by Russell Young
Did Christ have to be redeemed? The simple answer to this question is that he did. This might sound absurd since he was God and the Son of God. However, he was also man and the son of man and he had to meet all the requirements of God’s government to accomplish his own eternal life.
The writer of Hebrews states that “[Christ] entered the Most Holy Place once for all by his own blood, having obtained eternal redemption.” (Heb 9:12 NIV) His own blood was required for him to enter the Most Holy Place. That is, his blood was applied to his own state or to fit him for entry into the Most Holy Place. The earthly tabernacle, an exact copy of the heavenly sanctuary, was entered “once a year, and never without blood, which [the high priest] offered for himself and for the sins that the people had committed in ignorance.” (Heb 9:7 NIV) If Christ had been without sin, he would not have had to offer a sacrifice for himself; however, he was numbered with the transgressors. (Lk 22:37; Isa 53:12)
Did Jesus sin? Absolutely not! The writer of Hebrews states that our high priest (Christ) was “tempted in every way, just as we are—yet was without sin.” (Heb 5:15 NIV) Although Jesus did not sin, he became the most sinful person who ever walked the earth by taking on the sins of humankind. He had become a transgressor of the law and his own blood was required to cleanse him or to redeem him from the sins that he bore so that he could enter the Most Holy Place. (The reader needs to be mindful that his ministry there is to cover the sins committed “in ignorance” by those in him.)
Why is it important to recognize that Christ needed to be redeemed? The KJV has inserted the words “for us” after “having obtained eternal redemption.” (Heb 9:12) This phrase was not in the original Greek and should not be in the text. Because of it an understanding has developed that a person’s redemption from the law is eternal, that he has been eternally and securely delivered from the righteous requirements of the law. Christ had obtained eternal redemption for himself only.
There are teachings that reveal that although a person might have been redeemed once from the law, he or she can make themselves subject to it once more.
Paul has written, “But if you are led by the Spirit you are not under the law.” (Gal 5:18 NIV) This is a conditional statement and if a person is not led by the Spirit, he or she will remain under the law. Either a person can accomplish the righteous requirements of the law as led by the Spirit or it remains for them to accomplish their righteousness through the law using their own resources as in the manner of the house of Israel as they lived subject to the Old or first Covenant.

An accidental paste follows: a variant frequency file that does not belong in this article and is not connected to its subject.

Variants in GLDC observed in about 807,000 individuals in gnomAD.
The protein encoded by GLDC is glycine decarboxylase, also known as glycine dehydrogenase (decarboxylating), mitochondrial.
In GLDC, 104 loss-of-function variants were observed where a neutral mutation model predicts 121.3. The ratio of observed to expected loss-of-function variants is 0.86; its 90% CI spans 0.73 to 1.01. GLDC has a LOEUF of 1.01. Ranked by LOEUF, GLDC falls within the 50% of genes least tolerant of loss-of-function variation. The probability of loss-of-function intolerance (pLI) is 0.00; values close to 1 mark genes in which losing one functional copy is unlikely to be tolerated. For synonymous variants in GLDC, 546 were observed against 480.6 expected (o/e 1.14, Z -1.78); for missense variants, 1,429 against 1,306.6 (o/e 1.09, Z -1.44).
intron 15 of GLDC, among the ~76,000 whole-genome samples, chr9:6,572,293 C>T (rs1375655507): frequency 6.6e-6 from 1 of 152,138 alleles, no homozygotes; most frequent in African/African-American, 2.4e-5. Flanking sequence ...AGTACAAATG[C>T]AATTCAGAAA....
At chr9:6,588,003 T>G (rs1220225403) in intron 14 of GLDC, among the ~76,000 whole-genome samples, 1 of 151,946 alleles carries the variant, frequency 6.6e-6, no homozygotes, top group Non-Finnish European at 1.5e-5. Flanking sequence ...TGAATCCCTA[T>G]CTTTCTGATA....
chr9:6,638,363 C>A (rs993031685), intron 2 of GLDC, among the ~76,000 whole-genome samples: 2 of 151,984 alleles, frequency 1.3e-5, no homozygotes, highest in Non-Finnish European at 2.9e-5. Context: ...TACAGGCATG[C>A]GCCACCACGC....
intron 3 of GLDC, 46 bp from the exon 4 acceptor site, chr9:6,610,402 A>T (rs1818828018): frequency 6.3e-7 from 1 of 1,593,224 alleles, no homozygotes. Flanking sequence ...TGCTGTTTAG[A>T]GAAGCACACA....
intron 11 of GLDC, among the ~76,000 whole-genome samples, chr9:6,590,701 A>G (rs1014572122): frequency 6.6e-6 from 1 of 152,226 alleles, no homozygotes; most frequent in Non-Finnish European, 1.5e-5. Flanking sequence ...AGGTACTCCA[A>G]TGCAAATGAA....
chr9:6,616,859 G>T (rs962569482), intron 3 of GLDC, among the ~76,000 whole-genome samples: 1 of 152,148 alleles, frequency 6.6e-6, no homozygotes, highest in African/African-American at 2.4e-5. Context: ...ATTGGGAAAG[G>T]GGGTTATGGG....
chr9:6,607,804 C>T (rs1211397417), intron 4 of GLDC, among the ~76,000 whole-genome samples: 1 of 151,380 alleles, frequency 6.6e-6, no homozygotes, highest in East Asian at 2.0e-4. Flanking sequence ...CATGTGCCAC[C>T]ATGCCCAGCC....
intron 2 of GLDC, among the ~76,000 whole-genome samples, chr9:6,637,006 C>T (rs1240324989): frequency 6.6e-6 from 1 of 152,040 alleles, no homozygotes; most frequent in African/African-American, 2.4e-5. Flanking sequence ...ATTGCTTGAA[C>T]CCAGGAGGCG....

Paul admonished the Galatians not to re-engage life under the persuasions of their evil nature because if they became sinners while they were seeking to be justified they will have rebuilt that which they had destroyed and have become lawbreakers. (Gal 2:17─20) By their crucifixion –a pledge of death to self–they had brought to completion life under the law since a deceased person is no longer subject to rule by the law, but through their desire to re-engage their own life they are once more subject to the law. Escape from the law only comes with obedience to the Spirit and the realization of their own crucifixion. He also wrote, “For what the law was powerless to do in that it was weakened by the sinful nature…the righteous requirements of the law [will] be fully met in us who do not live according to the sinful nature but according to the Spirit.” (Rom 8:2…4 NIV)
Further, the Lord taught that “everyone who sins is a slave to sin. Now a slave has no permanent place in the family, but a son [one led by the Spirit, Rom 8: 14] belongs to it forever.” (Jn 8:35 NIV) A lack of “permanence” in the family speaks against the concept of having been eternally redeemed.
Those who have confessed Christ’s lordship have been redeemed by his blood. They have been purchased from the law and from the consequences of sins committed while under it so that they might enjoy the New Covenant. (Heb 9:15) This redemption is not direct. It came about as Christ took their sins and bore them himself. His blood then redeemed him from the sins that he bore for them. The writer of Hebrews states that “if we deliberately keep on sinning after we have received the knowledge of the truth, no sacrifice for sins is left, but only a fearful expectation of judgment and of raging fire that will consume the enemies of God.” (Heb 10: 26─27 NIV) The cleansing and freedom from past sins will only happen once. Redemption for Christ was eternal for those who walk this earth it has been provided once; unfortunately that occasion will not be sufficient for many.
Russell Young’s book is available now in print and eBook. The title is Eternal Salvation: “I’m Okay! You’re Okay!” Really? It is available through Westbow Publishing, Amazon, and Barnes and Noble; and in Canada through Chapters/Indigo. 9781512757514 $17.99 US